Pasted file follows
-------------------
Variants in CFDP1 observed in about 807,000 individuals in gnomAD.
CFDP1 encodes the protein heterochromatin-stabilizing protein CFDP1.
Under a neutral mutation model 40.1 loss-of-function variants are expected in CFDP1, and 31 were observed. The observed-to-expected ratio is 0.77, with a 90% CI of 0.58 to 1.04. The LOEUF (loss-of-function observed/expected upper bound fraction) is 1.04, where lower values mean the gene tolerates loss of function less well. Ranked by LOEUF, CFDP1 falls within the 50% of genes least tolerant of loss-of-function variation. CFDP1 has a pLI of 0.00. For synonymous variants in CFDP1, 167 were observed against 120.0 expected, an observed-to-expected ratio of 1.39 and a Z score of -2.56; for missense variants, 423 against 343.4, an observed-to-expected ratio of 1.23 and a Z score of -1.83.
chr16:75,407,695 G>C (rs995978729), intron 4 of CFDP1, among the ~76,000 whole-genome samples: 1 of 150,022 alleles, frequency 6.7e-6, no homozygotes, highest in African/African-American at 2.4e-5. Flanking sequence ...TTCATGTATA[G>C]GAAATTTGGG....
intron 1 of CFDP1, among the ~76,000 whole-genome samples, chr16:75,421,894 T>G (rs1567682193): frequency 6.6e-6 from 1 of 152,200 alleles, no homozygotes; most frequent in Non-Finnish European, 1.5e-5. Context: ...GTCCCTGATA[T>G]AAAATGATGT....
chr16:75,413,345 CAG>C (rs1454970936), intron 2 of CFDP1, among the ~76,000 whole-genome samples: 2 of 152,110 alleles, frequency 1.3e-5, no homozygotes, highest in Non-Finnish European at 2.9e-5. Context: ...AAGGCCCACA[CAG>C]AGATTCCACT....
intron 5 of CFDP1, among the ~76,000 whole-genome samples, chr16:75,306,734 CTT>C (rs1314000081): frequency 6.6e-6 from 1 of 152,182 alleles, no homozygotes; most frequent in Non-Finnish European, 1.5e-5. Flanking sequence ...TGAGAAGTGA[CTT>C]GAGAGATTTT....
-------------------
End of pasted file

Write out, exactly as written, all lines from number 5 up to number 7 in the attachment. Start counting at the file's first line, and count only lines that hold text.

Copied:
intron 1 of CFDP1, among the ~76,000 whole-genome samples, chr16:75,421,894 T>G (rs1567682193): frequency 6.6e-6 from 1 of 152,200 alleles, no homozygotes; most frequent in Non-Finnish European, 1.5e-5. Context: ...GTCCCTGATA[T>G]AAAATGATGT....
chr16:75,413,345 CAG>C (rs1454970936), intron 2 of CFDP1, among the ~76,000 whole-genome samples: 2 of 152,110 alleles, frequency 1.3e-5, no homozygotes, highest in Non-Finnish European at 2.9e-5. Context: ...AAGGCCCACA[CAG>C]AGATTCCACT....
intron 5 of CFDP1, among the ~76,000 whole-genome samples, chr16:75,306,734 CTT>C (rs1314000081): frequency 6.6e-6 from 1 of 152,182 alleles, no homozygotes; most frequent in Non-Finnish European, 1.5e-5. Flanking sequence ...TGAGAAGTGA[CTT>C]GAGAGATTTT....